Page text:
By Dr. Richard P. Borkowski
Richard P. Borkowski, EdD, CAA, is a sport safety consultant based in Narberth, Pa. The former Director of Physical Education and Athletics at the Episcopal Academy in Merion, Pa., his most recent book is titled The Athletic Administrator’s Scheduling Book, published by LRP Publications, in Horsham, Pa.
Athletic Management, 14.6, October/November 2002, http://www.momentummedia.com/articles/am/am1406/ovosafety.htm
While some lawyers and insurance agents might make you think otherwise, sport safety is not rocket science. The techniques needed to lower the chance of injury to athletes are no more complicated than the game plan of any sport.
The bigger challenge when teaching the topic to your coaches is that safety is not particularly exciting. No one yells from the grandstand, “We’re number one in safety!” Trophies aren’t awarded to the team that played the safest. Safety is boring. Except, of course, after there is a serious injury.
It’s taken me a long time to reach the conclusion that safe sports rests on a simple premise: the continual vigilance of those in direct supervision of athletes, the coaches. As I said before, this is not rocket science.
The athletic administrator’s role is to reinforce the skills of sport risk management. This article is about the ways and means of keeping safety first and foremost in the minds of the people with the whistles and clipboards.
Try one or all of these ideas, techniques, and shameless gimmicks to keep your coaches aware and sensitive. They also help keep people awake during preseason meetings.
1. Bring in a speaker. It could be your athletic trainer, the team doctor, or an outside consultant. I would also strongly suggest inviting the school’s lawyer. I can never understand why administrators don’t invite their legal counsel to school until after a problem occurs.
2. Show a safety related videotape. The National Federation of State High School Associations (NFHS) offers several excellent videotapes. Rick Ball of the BASIC Foundation has produced tapes on the duty to warn. The Coalition of Americans to Protect Sports (CAPS) is another source. (See Video Resources at the end of this article for contact info.)
3. Make your own videotape. Grab an audio-visual person and come up with some ideas that demonstrate poor and excellent coaching. Use your coaches and students as the actors and you will have a tape that is very popular, funny, and gets the message across.
For example, the football coach demonstrates how to spear, and the field hockey coach shows how to avoid being hit with a back swing. It’s not Hollywood, but it’s a great attention getter. The coaches will go from “I can’t do that” to “Can we do a second take?”
4. Hand out a multiple-choice quiz that lays out a few athletic situations. For example, the official doesn’t show for your game: What do you do? A serious injury occurs and you are the only coach on site: Do you stay with the athlete or run for help? The coaches select the best answer. The discussion following the exercise can be lively and educational.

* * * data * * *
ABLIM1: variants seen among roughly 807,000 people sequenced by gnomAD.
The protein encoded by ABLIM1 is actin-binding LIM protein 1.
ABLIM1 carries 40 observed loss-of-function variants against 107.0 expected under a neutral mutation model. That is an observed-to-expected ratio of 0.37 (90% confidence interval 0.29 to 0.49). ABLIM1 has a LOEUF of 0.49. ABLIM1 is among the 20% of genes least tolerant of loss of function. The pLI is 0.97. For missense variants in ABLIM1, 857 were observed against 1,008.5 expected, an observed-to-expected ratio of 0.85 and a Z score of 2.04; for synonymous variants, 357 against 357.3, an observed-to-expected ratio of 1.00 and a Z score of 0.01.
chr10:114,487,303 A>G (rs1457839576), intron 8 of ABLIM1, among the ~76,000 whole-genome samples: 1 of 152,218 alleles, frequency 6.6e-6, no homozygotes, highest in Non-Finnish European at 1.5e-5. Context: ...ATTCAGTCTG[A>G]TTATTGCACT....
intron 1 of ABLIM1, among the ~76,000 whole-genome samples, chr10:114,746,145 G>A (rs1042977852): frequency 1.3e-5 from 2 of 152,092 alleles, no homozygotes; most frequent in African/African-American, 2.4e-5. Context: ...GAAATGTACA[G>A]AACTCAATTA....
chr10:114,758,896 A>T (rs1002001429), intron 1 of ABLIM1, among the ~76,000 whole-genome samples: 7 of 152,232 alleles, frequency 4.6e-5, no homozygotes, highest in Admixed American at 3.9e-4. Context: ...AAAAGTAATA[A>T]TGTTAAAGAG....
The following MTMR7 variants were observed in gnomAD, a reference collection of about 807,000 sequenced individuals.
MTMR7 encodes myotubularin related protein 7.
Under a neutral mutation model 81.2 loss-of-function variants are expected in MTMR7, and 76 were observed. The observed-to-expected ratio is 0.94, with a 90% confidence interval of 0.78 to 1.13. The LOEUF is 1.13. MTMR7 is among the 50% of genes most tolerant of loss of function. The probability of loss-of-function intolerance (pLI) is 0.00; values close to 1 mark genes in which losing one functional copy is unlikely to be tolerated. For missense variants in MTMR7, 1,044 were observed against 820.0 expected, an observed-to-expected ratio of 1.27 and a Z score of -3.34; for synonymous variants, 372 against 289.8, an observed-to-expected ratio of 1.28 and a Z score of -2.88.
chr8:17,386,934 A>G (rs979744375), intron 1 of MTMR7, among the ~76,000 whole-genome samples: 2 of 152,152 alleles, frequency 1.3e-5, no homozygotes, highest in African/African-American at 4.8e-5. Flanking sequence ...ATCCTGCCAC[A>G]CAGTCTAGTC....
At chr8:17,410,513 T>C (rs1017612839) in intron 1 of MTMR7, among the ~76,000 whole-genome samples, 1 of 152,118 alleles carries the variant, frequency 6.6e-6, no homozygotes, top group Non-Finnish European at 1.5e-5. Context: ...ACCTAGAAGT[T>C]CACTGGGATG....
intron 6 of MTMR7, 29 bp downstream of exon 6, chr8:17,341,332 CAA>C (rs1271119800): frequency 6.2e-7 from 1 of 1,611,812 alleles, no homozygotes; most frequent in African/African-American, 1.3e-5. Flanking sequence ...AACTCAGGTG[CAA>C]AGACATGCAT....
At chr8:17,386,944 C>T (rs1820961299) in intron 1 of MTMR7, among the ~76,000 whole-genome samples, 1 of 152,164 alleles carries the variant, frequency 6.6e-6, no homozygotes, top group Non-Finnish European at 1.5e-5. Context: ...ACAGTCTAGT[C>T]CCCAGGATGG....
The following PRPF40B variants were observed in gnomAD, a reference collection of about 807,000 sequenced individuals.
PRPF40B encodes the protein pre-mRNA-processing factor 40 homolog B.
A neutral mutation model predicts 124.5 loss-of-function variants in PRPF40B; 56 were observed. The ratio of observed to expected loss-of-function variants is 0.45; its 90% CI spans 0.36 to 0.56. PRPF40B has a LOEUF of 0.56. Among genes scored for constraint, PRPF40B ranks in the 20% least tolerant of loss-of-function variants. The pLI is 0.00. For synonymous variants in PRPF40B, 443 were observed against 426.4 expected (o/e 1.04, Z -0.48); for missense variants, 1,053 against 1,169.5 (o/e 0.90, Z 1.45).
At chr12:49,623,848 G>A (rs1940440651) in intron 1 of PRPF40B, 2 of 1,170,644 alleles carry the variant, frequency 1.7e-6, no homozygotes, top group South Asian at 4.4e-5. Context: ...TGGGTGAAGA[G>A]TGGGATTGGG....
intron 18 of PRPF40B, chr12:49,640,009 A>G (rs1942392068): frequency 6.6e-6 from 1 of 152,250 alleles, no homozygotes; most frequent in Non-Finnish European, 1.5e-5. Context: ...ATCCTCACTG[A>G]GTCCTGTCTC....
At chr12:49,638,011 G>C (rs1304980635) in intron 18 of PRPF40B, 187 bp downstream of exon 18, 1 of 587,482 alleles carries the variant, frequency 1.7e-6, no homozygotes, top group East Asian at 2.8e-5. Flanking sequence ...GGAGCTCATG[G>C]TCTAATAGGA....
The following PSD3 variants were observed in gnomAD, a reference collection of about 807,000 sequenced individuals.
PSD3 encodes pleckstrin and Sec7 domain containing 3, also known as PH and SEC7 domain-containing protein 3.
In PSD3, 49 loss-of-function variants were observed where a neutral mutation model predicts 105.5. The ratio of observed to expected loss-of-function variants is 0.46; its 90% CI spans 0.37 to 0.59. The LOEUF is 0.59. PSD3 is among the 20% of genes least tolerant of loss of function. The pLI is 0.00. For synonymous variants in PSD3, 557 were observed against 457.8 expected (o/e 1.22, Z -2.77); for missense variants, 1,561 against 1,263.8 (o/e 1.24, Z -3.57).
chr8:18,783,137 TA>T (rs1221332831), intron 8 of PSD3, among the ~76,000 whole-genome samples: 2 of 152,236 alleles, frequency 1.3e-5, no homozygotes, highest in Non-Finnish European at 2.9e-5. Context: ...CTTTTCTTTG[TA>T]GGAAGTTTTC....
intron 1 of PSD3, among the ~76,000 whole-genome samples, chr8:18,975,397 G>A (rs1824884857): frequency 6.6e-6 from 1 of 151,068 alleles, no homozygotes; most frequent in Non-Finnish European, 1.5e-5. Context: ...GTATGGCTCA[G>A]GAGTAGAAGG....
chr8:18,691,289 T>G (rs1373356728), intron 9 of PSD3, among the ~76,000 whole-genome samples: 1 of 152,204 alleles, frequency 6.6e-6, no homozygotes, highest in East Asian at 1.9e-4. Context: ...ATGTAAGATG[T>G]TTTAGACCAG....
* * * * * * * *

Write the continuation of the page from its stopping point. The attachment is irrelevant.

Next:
5. Have an open forum. Explain a complicated situation to your coaches, and ask them to discuss how they would handle it. Ask veteran coaches to verbalize their thought process and encourage rookie coaches to ask a lot of questions. Let the discussion go off on tangents and see what areas your coaches are struggling with. This is a good way to cover the various legal duties of a coach.
6. Ask a coach or two to report on his or her sport as it relates to safety. “What are the problems and hazards in my sport and how can they be corrected?” This allows coaches in other sports to understand the thinking behind being vigilant about safety.
7. Visit fields and facilities. Instead of having a meeting in a classroom, take a walk around the fields or indoor facilities. Ask if there is anything wrong. When I did this, coaches knew I would “prepare” a few problems, and their competitive nature kept them focused on being the first to find a safety hazard. For example, I would remove an anchor from a portable soccer goal, untie a football goal pad, or leave a discus on the field.
8. Try role playing. This entails is creating a situation and asking the audience to respond.
For example, I had a wrestling coach demonstrate to two wrestlers the various illegal holds. A student walked up behind the coach to ask a question. When the coach turned around to answer the student, the two wrestlers tried out an illegal hold. One was injured. The question was: How could this have been avoided? The value is the discussion that follows the performance.
9. Use a slide show or PowerPoint presentation. Throw some pictures on a screen and ask, “What’s wrong, if anything, with this situation? How could it be corrected?”
10. Don’t neglect individual conversations. Nothing beats the basic face-to-face chat. Take time to watch practice and share ideas.
11. Review current information. When you find a good article on safety, make copies for your coaches. When you hear a good story about sport safety, share it.
12. Review the statistics of injuries. I recently did a safety audit at a camp in New Hampshire. The camp has always been a good example of excellence. Nevertheless, when I reviewed the number of injuries that occurred over the last five years, the staff was surprised. No one was aware of the total number of injuries.
This was a wake-up call. They were good, but they knew they could be better. That is the value of continually selling safety in any way you can.
Safety in sports comes down to coaches being aware of and vigilant about the known risks of participation. The athletic administer must remind his or her coaches of this important responsibility on a regular basis. So get out there and do some selling!
National Federation of State High School Associations:
The Basic Foundation:
The Coalition of Americans to Protect Sports (CAPS):